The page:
I haven’t done an instructional illustration in ages, so I’ll talk you through the process here.
First (and this is very IMPORTANT) find a stick. Make sure you like the way it feels in your hands, otherwise, you will strongly dislike your new pen! Besides, you’re making this for you. It should feel good, otherwise what’s the point? My first stick pen was way too skinny, and I knew I wouldn’t use it much so I started over.
Get a sharp blade. This could be a pocket knife, box cutter or X-acto. Sharp is important because dull blades drive me crazy! They don’t cut the way you want, so you can’t get good lines or curves and you have to use WAY too much pressure, increasing the likelihood that you’ll cut yourself instead of the stick and they suck! They suck so bad! (End Rant) Remove any excess twigs that would make using your pen awkward.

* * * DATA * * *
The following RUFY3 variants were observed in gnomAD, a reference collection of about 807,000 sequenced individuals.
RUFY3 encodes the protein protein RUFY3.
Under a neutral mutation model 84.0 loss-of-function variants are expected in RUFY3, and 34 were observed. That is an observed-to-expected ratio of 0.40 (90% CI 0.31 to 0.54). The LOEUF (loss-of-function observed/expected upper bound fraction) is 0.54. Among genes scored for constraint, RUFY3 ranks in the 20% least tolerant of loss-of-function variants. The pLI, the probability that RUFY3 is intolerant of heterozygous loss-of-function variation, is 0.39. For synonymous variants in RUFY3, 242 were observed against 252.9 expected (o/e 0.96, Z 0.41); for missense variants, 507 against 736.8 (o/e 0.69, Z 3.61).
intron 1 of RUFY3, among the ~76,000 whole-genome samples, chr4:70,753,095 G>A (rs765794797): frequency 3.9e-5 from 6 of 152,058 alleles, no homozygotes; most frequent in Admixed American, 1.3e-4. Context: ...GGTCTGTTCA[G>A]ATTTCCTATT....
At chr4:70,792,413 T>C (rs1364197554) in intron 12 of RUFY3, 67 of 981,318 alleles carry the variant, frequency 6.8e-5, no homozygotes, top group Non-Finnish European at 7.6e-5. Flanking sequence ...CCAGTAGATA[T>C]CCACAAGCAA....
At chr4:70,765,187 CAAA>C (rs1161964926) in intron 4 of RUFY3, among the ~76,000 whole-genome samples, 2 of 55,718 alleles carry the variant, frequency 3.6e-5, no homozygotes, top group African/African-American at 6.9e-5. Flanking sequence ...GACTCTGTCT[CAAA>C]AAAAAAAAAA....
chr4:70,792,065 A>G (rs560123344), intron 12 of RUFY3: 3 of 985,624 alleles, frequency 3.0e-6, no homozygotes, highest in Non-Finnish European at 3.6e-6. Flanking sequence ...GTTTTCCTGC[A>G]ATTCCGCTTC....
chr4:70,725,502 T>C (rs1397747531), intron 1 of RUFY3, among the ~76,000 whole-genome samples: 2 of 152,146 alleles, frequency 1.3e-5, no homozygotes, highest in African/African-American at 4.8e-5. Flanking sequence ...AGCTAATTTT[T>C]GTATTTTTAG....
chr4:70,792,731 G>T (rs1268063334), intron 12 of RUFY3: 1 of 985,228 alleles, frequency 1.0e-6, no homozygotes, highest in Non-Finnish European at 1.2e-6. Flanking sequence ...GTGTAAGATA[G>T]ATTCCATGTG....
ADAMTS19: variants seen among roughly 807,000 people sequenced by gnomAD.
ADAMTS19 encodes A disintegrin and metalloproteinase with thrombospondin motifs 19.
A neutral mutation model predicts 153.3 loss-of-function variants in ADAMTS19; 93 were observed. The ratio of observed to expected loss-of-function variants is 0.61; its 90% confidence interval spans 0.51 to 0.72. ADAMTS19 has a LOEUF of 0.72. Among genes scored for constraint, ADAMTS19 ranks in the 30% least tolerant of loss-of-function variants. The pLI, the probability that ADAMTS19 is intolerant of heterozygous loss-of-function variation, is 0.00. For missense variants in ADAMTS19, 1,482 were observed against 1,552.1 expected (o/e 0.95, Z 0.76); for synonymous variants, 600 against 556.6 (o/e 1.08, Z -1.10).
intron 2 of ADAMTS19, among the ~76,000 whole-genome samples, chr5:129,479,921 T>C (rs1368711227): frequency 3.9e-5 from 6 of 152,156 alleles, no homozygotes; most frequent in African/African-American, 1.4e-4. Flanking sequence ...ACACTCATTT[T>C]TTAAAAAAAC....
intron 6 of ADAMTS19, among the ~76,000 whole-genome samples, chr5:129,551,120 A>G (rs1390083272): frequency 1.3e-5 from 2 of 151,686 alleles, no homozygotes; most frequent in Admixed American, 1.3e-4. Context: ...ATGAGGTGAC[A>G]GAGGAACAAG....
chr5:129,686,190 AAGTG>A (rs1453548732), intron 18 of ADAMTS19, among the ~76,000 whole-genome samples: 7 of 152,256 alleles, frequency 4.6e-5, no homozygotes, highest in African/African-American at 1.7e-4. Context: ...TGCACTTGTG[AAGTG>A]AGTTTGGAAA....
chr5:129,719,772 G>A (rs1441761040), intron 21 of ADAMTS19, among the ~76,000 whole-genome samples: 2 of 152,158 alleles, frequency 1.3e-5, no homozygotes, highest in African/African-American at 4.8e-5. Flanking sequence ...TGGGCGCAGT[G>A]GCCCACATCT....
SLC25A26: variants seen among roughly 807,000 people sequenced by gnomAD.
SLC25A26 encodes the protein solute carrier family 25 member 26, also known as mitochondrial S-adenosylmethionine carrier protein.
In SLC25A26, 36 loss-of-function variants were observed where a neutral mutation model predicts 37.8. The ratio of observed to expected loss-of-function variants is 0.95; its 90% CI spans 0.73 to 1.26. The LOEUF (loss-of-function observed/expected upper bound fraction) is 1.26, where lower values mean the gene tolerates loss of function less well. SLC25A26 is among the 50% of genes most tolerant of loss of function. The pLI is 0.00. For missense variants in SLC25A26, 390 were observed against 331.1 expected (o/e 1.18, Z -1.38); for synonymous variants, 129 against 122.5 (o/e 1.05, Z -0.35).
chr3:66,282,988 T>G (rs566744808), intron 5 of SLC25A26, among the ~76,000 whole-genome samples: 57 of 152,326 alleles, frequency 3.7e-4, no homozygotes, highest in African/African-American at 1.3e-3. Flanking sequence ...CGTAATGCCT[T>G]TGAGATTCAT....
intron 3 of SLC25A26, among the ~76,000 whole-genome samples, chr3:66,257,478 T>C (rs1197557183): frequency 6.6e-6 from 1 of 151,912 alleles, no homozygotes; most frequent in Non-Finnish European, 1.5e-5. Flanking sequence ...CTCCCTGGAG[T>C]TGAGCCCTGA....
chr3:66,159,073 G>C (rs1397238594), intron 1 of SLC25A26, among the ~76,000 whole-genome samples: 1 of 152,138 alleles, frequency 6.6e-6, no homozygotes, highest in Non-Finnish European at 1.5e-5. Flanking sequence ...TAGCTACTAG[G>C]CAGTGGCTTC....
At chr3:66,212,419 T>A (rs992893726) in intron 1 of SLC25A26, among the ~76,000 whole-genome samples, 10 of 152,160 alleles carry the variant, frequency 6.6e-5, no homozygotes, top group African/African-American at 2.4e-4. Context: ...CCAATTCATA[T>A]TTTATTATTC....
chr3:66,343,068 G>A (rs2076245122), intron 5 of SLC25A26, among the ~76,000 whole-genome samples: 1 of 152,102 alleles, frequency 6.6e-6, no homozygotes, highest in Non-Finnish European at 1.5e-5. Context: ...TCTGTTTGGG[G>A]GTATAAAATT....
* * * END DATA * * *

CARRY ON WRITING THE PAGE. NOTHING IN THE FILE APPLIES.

Rotate your stick in your writing/drawing hand and decide how you want to hold it. Again, comfort is key.
Start shaving your stick about half to three quarters of an inch from the end, staying aware of how you want to grip your pen. You want to start making a curved area for your ink (or paint or blood or whatever) to pool in.
Once you have your curve, start shaving the sides to make your tip. Mine is about a 45° angle which gives me the kind of tip I want to draw with, since I so love my skinny lines.
That’s basically it. Throughout the week, I found myself shaving a little bit here, a little bit there, in an effort to get the perfect line. I noticed that when I tried to make the tip look more like a quill or a fountain pen, I lost the sharpness very quickly because the wood would soften and lose its shape. When you look at it from the side (curve on the left) the very tip of my pen is around 1/16 of an inch wide and angled slightly to give it a sharp point. This seems to be thick enough to retain its structural integrity while allowing me to draw the way I want.
I hope you have enjoyed this tutorial. As an added bonus, here’s the original drawing. I tweaked the earlier image with photo editing tools to help it read better.
I know I posted all the steps of the work in progress on Facebook, but now I’m putting them here. Here are all the pieces in the same place. Once I get around to finishing it, I’ll post the pure lines version which I will be using to print on t-shirts.